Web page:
Train your chickens!

Discussion in 'Managing Your Flock' started by Darren7, Aug 16, 2016.

  1. Darren7

    Darren7 New Egg

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    Jul 31, 2016
    Central Oklahoma
    Like myself my wife was originally excited about the idea of raising our own chickens. However, over time she has grown to resent them. We are free ranging eight Rhode Island Reds in our back yard of about ½ an acre. As a friend of mine said “you’re going to raise chickens in your back yard? You know they poop every time they take a step don’t you?” Well, no I didn’t. In their defense they don’t poop every step but they do poop a lot. In fact the back porch seemed to be their favorite spot to do their business. Being the city girl that my wife is she wasn’t happy and I was getting tired of cleaning the poop off every day. I was worried she was going to make me sleep in the coop she was so frustrated by it. She even wanted me to confine them to a small pin. I really wanted to keep them free range so I began trying to find alternatives.

    After some research I found a motion activated sprinkler. I set one up on the corner of my porch and it works great. I haven’t had one drop of doo on the porch since installing it over a month ago. The wife is much happier but now she doesn’t want them leaving any meadow muffins in the rest of the back yard. I guess you can’t win them all.

    If you do a google search for “motion activated sprinkler” you will see a lot of options. I bought what I think is a “scarecrow” for about $36 on ebay. It is made in china but it came with a rechargeable battery and built in solar panel. It shoots water about 30 feet away. The sensor doesn’t work very well if you come straight at it but any movement perpendicular of the sensor works well out to 30 feet.

    [​IMG]
     
  2. Spartan22

    Spartan22 Chillin' With My Peeps

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    North Canton, Ohio
    Sort of cruel don't you think? Ha ha To be squirted with water? I rather confine my chickens to a certain area (run, pen, fenced area) instead of them getting stressed all the time and not laying the much coveted eggs.

    My wife and I both came from big cities, so she was reluctant to have chickens, needless to say the tracking of poo in and out of the house was not an option. She opposed my having chickens that I took home in an impulsed. So I contained the chicken in a 10x12 coop/shed w/ 10' ceiling I designed and 10'x 40' x7' roofed run. When the hens started laying, wife said we need more chickens her office mates wants eggs.[​IMG]
     
  3. SueT

    SueT Overrun With Chickens

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    I think it's a great idea. My daughter set up one to stop the cat from pooping in an area. Sprinklers are a great training device!
     
  4. orpington13

    orpington13 Chillin' With My Peeps

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    That is interesting!
     
  5. Mrs. K

    Mrs. K Overrun With Chickens

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    I don't think it is cruel to use the sprinkler l, but I do think having a run to keep chickens is a good thing for the safety of the birds. You can always let them out, but they don't have to be out all the time.
     
  6. calmom2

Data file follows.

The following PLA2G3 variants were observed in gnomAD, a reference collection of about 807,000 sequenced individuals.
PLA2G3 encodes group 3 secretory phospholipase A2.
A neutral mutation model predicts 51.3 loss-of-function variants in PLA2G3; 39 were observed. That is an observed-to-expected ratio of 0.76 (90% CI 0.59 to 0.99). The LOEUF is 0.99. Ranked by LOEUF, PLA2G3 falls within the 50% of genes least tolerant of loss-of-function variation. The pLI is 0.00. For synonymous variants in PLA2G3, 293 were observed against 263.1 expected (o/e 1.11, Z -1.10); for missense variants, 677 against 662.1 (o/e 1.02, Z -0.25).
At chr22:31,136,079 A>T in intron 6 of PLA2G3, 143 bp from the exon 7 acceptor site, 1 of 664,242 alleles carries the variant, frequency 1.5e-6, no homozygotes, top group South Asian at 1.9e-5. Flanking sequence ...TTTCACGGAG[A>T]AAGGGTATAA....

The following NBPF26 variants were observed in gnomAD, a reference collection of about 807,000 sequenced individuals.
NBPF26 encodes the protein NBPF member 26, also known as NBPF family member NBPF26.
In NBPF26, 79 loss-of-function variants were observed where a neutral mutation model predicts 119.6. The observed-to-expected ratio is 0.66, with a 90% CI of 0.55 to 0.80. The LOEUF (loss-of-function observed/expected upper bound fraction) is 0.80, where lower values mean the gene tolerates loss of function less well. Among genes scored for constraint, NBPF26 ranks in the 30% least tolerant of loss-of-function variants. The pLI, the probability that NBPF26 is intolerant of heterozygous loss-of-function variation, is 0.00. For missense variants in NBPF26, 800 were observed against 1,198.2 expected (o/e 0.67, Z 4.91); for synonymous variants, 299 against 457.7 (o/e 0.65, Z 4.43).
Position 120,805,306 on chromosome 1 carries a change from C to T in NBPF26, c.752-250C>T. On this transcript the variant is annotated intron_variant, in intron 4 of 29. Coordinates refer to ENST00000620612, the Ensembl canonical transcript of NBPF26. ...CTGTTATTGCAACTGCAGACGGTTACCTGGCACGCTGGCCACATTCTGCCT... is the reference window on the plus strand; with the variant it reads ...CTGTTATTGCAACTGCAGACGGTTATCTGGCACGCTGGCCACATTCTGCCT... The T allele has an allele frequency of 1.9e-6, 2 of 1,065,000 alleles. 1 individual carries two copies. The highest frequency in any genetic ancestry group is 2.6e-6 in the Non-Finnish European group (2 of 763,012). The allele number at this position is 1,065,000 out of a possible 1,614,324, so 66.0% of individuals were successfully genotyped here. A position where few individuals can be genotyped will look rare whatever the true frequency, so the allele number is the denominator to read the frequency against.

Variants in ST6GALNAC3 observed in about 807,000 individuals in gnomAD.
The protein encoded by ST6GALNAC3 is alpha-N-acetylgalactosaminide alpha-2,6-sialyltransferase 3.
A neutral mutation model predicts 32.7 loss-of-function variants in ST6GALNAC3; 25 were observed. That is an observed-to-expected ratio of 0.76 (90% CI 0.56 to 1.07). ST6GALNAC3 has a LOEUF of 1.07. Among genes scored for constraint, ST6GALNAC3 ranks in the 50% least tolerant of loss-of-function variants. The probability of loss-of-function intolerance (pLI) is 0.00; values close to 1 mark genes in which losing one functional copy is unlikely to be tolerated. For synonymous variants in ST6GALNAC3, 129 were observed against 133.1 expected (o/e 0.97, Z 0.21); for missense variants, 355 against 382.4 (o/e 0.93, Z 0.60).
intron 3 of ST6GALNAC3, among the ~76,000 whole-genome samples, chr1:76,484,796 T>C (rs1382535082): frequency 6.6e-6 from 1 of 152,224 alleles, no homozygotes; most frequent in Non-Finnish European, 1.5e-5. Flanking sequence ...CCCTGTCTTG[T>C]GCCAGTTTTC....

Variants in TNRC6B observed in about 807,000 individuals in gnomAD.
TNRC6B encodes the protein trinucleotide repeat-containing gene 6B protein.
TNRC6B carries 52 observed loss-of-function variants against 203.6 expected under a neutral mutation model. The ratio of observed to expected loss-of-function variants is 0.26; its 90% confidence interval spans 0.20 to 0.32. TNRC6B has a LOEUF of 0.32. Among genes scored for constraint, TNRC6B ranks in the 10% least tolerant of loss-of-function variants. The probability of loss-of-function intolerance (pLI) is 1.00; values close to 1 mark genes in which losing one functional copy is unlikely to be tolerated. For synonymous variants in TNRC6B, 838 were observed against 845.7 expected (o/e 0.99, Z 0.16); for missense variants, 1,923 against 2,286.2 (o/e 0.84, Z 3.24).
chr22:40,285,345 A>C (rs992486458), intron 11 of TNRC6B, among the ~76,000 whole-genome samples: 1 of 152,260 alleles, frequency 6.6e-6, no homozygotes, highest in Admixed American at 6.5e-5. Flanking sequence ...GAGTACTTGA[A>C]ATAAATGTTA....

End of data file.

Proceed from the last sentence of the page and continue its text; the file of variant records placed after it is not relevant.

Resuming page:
calmom2 Out Of The Brooder

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    Mar 23, 2016
    a sprinkler is cruel? come on lol...I LOVE the idea! especially in the hot wheather! Be kind to one another [​IMG]
     
  7. Spartan22

    Spartan22 Chillin' With My Peeps

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    Sep 2, 2014
    North Canton, Ohio

    Come on now that was a joke, if you notice after I said that there was "ha ha" before my other sentence.
     
  8. Darren7

    Darren7 New Egg

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    Jul 31, 2016
    Central Oklahoma
    I think it is working perfectly.

    Stress:
    I don't believe it stressed them out one bit. They have been laying regularly without any hiccups. I average seven eggs a day with my lowest being six and just as often I get eight (of eight hens). They learned real quick to stay away from the porch. We have left the sprinkler off for several days at a time and they still don't come around it. I look at it like establishing a pecking order. They don't act any different from being chased by a more dominant hen or being startled from any sudden movements of nature.

    Predators:
    I don’t have any problems with predators. I have seen a large hawk check them out but it didn’t seem to want the hassle of killing/carrying off a full size Rhode Island Red. I’m sure if there were chicks running freely they would have been dinner. I live in a residential area with a lot of fenced yards so coyotes aren’t a concern. The only loss I have had was when two hens flew over the fence into the neighbor’s yard where their Labrador was anxiously waiting. After that I clipped their wings and haven’t had any issues since. This happened at the same time they were starting to lay which makes me think they were looking for somewhere private to nest. I expected that they would never venture into their yard because the dog would bark at them when they got close to the fence.

    Benefits:
    This way I don’t have to dedicate a large portion of the yard and build a huge run that adds more to the budget. I can move their smaller roost house and nesting boxes easily which keeps the poop down and fertilize the whole yard. They are able to eat all the bugs in the entire back yard and have access to fresh green grass without killing all the grass in a run.
     
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